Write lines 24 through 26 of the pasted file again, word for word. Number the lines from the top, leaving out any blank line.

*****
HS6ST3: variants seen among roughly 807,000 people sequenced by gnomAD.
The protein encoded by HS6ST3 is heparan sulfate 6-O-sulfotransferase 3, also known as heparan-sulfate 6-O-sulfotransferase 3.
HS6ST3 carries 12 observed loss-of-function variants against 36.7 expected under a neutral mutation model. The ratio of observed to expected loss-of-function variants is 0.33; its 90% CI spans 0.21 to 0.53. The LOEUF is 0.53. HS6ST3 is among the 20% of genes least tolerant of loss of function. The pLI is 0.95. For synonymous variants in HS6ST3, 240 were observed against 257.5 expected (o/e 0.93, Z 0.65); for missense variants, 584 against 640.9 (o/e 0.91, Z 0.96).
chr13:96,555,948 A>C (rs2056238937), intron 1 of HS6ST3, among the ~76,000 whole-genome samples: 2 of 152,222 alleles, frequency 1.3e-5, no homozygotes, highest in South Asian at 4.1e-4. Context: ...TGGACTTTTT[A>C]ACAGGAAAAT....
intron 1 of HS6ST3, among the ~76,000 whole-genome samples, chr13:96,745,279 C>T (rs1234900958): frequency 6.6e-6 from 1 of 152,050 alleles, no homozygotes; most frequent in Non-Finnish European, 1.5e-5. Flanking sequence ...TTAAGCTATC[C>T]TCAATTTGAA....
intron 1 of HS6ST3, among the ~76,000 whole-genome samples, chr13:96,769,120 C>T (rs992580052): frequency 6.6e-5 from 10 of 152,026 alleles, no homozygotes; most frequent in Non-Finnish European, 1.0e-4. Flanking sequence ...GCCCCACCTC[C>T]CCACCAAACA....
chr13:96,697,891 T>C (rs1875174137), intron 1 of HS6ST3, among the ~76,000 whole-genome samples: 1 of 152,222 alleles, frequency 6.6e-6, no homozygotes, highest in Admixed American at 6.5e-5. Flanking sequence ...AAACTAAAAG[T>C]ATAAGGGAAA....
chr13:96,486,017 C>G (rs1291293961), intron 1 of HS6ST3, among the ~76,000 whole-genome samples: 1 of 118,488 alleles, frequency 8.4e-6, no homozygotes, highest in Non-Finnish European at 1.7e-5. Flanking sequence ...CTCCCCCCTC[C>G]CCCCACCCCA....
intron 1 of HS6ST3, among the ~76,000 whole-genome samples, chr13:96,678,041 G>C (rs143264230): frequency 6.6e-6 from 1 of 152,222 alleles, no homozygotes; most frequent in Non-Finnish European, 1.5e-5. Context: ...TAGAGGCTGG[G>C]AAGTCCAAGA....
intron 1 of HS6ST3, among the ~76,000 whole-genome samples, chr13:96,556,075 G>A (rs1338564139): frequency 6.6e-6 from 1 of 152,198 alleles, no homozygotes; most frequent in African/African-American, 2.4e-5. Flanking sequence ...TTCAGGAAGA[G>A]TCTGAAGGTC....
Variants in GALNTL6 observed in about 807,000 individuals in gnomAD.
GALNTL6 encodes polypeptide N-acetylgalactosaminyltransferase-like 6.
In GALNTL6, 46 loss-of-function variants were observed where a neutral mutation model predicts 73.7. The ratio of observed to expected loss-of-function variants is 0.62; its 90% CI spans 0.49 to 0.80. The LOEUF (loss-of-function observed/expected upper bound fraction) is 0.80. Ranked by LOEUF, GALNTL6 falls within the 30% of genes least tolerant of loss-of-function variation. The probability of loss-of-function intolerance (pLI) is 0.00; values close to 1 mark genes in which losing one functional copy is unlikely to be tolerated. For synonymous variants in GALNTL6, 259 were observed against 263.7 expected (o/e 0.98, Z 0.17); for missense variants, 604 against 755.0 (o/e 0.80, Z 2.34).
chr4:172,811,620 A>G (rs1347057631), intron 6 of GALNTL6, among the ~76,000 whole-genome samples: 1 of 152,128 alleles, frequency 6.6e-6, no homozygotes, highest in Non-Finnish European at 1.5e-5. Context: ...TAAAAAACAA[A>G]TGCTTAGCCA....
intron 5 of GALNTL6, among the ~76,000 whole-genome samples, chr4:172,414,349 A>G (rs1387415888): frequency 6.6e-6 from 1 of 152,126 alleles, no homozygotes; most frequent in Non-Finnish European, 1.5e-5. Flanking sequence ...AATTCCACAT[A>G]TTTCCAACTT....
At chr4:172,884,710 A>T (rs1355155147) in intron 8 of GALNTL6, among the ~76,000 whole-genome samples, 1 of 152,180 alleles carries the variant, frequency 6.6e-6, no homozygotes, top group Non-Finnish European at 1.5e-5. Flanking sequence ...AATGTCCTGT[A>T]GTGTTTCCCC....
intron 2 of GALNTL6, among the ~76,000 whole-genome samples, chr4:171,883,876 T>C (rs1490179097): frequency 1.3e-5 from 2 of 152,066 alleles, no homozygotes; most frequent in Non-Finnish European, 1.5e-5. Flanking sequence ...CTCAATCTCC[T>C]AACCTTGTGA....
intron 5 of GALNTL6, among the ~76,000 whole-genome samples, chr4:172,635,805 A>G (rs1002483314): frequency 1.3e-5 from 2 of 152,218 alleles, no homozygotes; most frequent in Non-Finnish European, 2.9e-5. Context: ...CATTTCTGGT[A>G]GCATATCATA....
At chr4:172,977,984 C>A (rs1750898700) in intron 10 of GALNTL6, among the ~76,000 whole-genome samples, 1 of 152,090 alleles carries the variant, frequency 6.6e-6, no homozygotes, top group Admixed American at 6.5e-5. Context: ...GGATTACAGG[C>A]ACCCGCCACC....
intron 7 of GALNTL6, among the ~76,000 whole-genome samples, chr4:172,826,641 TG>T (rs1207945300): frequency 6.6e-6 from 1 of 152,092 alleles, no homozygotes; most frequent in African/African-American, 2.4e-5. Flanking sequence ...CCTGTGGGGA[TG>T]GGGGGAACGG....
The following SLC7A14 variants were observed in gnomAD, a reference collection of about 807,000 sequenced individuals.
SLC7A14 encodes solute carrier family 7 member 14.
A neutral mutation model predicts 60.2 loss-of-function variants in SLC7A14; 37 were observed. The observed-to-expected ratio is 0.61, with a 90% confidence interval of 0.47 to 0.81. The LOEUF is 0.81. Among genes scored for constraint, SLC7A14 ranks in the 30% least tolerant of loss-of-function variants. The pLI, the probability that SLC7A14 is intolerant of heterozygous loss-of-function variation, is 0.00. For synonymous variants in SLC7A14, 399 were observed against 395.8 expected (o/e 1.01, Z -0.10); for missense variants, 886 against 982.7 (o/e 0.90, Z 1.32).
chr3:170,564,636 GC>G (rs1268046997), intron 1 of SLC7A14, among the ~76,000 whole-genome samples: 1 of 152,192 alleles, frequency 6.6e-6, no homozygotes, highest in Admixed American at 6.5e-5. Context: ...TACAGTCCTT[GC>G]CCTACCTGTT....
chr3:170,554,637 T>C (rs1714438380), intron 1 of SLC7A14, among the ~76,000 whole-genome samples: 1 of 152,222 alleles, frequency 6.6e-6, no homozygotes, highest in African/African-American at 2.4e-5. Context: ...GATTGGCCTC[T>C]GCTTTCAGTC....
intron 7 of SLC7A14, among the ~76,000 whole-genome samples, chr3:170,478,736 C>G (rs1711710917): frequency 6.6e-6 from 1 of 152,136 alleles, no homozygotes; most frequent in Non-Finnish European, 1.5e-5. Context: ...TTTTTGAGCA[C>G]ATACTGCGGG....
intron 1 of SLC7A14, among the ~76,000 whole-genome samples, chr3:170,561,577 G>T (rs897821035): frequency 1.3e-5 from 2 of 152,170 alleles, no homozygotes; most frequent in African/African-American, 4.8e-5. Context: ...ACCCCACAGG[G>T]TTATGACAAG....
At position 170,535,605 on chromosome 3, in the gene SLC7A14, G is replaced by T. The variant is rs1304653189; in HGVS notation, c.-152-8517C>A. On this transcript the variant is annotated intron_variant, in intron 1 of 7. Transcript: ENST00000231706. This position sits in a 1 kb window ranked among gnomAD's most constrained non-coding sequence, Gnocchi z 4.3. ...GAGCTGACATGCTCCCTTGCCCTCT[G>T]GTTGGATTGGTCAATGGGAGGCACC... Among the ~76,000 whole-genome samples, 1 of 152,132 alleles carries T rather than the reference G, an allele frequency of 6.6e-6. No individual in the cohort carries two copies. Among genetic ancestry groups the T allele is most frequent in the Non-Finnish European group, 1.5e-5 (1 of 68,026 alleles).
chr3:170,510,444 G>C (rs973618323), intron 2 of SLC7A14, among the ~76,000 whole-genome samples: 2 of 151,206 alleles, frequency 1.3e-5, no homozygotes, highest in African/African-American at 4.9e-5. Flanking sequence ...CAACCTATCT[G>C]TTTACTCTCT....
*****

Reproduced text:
chr3:170,564,636 GC>G (rs1268046997), intron 1 of SLC7A14, among the ~76,000 whole-genome samples: 1 of 152,192 alleles, frequency 6.6e-6, no homozygotes, highest in Admixed American at 6.5e-5. Context: ...TACAGTCCTT[GC>G]CCTACCTGTT....
chr3:170,554,637 T>C (rs1714438380), intron 1 of SLC7A14, among the ~76,000 whole-genome samples: 1 of 152,222 alleles, frequency 6.6e-6, no homozygotes, highest in African/African-American at 2.4e-5. Context: ...GATTGGCCTC[T>C]GCTTTCAGTC....
intron 7 of SLC7A14, among the ~76,000 whole-genome samples, chr3:170,478,736 C>G (rs1711710917): frequency 6.6e-6 from 1 of 152,136 alleles, no homozygotes; most frequent in Non-Finnish European, 1.5e-5. Context: ...TTTTTGAGCA[C>G]ATACTGCGGG....